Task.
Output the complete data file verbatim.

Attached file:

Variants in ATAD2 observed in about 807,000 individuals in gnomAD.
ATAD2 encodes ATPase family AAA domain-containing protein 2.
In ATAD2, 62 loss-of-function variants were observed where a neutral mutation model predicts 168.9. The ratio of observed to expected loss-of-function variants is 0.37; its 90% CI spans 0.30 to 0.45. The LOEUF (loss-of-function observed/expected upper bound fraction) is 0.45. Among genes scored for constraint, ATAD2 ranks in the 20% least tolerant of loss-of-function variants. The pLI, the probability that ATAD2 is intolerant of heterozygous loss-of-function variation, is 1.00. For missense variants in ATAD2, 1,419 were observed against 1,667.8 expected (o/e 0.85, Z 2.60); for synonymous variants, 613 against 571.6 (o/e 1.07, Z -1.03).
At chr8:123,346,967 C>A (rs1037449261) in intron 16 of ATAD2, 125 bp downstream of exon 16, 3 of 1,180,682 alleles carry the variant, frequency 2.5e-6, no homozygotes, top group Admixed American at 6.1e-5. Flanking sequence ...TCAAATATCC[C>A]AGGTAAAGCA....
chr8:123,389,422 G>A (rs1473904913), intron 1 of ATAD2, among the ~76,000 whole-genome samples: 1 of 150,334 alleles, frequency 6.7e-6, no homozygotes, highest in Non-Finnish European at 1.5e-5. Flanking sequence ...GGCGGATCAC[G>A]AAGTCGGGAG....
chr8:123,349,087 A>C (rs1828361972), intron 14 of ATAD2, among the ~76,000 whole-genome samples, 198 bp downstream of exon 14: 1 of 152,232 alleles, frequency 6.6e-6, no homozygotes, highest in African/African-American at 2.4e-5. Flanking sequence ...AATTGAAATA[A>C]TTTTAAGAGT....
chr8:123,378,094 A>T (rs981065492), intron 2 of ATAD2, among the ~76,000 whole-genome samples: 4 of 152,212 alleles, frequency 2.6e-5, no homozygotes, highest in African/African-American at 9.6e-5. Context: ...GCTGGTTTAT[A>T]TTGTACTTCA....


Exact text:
Variants in ATAD2 observed in about 807,000 individuals in gnomAD.
ATAD2 encodes ATPase family AAA domain-containing protein 2.
In ATAD2, 62 loss-of-function variants were observed where a neutral mutation model predicts 168.9. The ratio of observed to expected loss-of-function variants is 0.37; its 90% CI spans 0.30 to 0.45. The LOEUF (loss-of-function observed/expected upper bound fraction) is 0.45. Among genes scored for constraint, ATAD2 ranks in the 20% least tolerant of loss-of-function variants. The pLI, the probability that ATAD2 is intolerant of heterozygous loss-of-function variation, is 1.00. For missense variants in ATAD2, 1,419 were observed against 1,667.8 expected (o/e 0.85, Z 2.60); for synonymous variants, 613 against 571.6 (o/e 1.07, Z -1.03).
At chr8:123,346,967 C>A (rs1037449261) in intron 16 of ATAD2, 125 bp downstream of exon 16, 3 of 1,180,682 alleles carry the variant, frequency 2.5e-6, no homozygotes, top group Admixed American at 6.1e-5. Flanking sequence ...TCAAATATCC[C>A]AGGTAAAGCA....
chr8:123,389,422 G>A (rs1473904913), intron 1 of ATAD2, among the ~76,000 whole-genome samples: 1 of 150,334 alleles, frequency 6.7e-6, no homozygotes, highest in Non-Finnish European at 1.5e-5. Flanking sequence ...GGCGGATCAC[G>A]AAGTCGGGAG....
chr8:123,349,087 A>C (rs1828361972), intron 14 of ATAD2, among the ~76,000 whole-genome samples, 198 bp downstream of exon 14: 1 of 152,232 alleles, frequency 6.6e-6, no homozygotes, highest in African/African-American at 2.4e-5. Flanking sequence ...AATTGAAATA[A>C]TTTTAAGAGT....
chr8:123,378,094 A>T (rs981065492), intron 2 of ATAD2, among the ~76,000 whole-genome samples: 4 of 152,212 alleles, frequency 2.6e-5, no homozygotes, highest in African/African-American at 9.6e-5. Context: ...GCTGGTTTAT[A>T]TTGTACTTCA....